Education is essential for nations; it determines their rise and fall and from harnessing of resources—both natural and human-made—to achieving glory and greatness, it is education which plays a pivotal role in all spheres of life of a nation. Overall, education is the platform that makes it possible to defeat all barriers.
Investing in education means investing in human capital; in fact, it is raising a good human being —the one who proves a good neighbour, a good social member and a good benefactor for society — which is more important than raising a public servant who is lacking in care and concern for people. Education is not passing examinations and securing high grades; education is an institution which creates beliefs, attitudes and morals among people, gifting them with the light of knowledge. Education gives us an understanding of the world around us and offers us an opportunity to use that knowledge wisely.
Enriching hearts and minds with positive things that produce humans who behave with noble morals is more important than producing employees who endeavor to secure only one goal, raise their own status and feather their own nests at the expense of others. Yes, seeking high statuses, wealth and becoming icons is not bad but if these objectives are achieved at the expense of others, conflicts sow their seeds , plunging society into the mire of chaos —and disharmony.
The rat race for achieving high marks percentage has reduced primary and secondary education to the level of something despicable and avoidable. 90% students show signs of withdrawal and depression for the fear of memorizing dozens of contents to score in tests and examinations. For parents, school grades are more important than what their child has learnt. Moreover, the system in vogue prioritizes merit- read marks percentage for employing people and ranks the talent of people on the basis of marks or grades. That sets a trend of gaining success, not excellence and our students mainly seek good grades by hook or by crook.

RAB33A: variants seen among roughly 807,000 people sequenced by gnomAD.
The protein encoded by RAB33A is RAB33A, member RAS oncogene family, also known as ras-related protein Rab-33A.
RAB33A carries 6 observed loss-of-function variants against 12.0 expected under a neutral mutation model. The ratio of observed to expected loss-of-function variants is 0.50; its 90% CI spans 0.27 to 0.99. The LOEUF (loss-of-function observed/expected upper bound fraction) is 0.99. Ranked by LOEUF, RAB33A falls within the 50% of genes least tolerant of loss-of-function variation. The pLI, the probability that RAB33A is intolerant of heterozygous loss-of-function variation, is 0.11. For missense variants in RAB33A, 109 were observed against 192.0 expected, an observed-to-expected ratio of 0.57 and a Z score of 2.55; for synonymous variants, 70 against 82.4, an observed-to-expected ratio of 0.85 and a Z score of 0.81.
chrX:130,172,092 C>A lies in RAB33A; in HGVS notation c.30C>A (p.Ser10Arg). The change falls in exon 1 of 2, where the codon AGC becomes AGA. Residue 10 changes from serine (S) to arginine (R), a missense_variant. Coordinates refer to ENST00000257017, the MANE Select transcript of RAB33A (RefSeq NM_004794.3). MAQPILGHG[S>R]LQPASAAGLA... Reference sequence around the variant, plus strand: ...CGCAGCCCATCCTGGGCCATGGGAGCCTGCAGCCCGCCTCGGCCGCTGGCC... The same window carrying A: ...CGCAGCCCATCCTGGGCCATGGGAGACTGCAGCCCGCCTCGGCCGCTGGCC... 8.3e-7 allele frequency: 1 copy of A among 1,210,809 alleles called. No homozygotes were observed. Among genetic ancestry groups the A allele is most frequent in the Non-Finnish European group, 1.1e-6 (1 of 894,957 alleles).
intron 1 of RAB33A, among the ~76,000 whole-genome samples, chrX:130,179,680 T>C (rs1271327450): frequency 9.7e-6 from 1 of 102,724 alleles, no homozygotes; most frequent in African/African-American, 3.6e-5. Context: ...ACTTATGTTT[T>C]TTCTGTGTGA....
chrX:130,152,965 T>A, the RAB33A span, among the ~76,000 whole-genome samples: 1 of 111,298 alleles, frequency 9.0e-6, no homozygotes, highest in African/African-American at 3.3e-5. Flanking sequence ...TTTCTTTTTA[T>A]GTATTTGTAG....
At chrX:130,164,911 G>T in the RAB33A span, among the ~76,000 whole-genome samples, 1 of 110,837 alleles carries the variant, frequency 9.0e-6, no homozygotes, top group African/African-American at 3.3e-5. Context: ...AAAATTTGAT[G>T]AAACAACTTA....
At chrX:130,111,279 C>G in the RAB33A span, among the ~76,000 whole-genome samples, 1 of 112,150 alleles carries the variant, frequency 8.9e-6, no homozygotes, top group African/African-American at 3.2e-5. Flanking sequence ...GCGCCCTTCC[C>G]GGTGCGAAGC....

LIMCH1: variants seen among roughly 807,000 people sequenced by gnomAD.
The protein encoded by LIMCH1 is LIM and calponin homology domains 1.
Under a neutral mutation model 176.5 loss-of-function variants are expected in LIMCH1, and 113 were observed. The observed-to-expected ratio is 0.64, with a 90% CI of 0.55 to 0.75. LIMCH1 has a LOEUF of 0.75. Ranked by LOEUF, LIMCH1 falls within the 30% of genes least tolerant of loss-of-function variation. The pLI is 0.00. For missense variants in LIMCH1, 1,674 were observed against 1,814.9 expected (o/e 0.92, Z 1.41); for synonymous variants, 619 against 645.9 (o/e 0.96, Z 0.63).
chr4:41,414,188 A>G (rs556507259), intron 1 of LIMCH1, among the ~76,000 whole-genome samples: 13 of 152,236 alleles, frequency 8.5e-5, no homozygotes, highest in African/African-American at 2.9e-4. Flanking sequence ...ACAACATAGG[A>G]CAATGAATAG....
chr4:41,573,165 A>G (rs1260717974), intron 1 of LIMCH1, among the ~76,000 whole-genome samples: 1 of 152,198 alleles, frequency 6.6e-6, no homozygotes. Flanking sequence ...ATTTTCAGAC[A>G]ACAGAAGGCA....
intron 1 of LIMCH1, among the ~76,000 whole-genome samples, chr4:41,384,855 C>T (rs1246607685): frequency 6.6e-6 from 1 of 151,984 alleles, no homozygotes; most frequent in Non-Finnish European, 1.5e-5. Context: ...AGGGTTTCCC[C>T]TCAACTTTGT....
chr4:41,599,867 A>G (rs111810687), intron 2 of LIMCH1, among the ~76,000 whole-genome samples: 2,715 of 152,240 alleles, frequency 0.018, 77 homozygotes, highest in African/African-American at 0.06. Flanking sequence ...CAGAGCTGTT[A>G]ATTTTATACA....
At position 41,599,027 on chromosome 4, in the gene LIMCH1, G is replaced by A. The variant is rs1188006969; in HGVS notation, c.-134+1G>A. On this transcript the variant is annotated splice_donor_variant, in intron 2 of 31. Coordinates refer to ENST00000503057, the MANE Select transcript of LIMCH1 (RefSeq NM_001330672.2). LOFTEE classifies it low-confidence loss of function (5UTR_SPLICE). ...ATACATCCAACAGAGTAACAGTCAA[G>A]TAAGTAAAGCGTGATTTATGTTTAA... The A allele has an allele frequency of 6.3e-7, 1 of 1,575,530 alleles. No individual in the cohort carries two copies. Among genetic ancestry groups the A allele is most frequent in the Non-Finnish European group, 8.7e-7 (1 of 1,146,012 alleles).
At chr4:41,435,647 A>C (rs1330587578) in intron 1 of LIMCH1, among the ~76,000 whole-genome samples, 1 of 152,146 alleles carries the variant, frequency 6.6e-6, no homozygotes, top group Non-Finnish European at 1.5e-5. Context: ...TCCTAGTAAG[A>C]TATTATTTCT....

With our educational system grade-oriented, a majority of students (who are the products of that system) are likely to prove self-seeking and oblivious to public good and social progress. Education must guide people and teach them in such a manner that information becomes a part of their mind; it is, however, seen that the knowledge gained from books and institutions primarily aids in enhancing a person's professional achievements.
There is no gainsaying that enhancing a person's mental and moral horizons and enabling him or her to uphold the truth, maintain calm and composure despite all odds — all remains a subject of academics. At the elementary level, morals need to be inculcated without any concern for passing or failing. When students are only concerned with marks and grades, they prefer memorizing information, which slips their memories once the exam/test completes; thus understanding and internalizing information/ contents loses significance and our system churns out people who show poor understanding regarding the importance of operation of moral, economic, administrative, cultural and political aspects for a nation to be prosperous.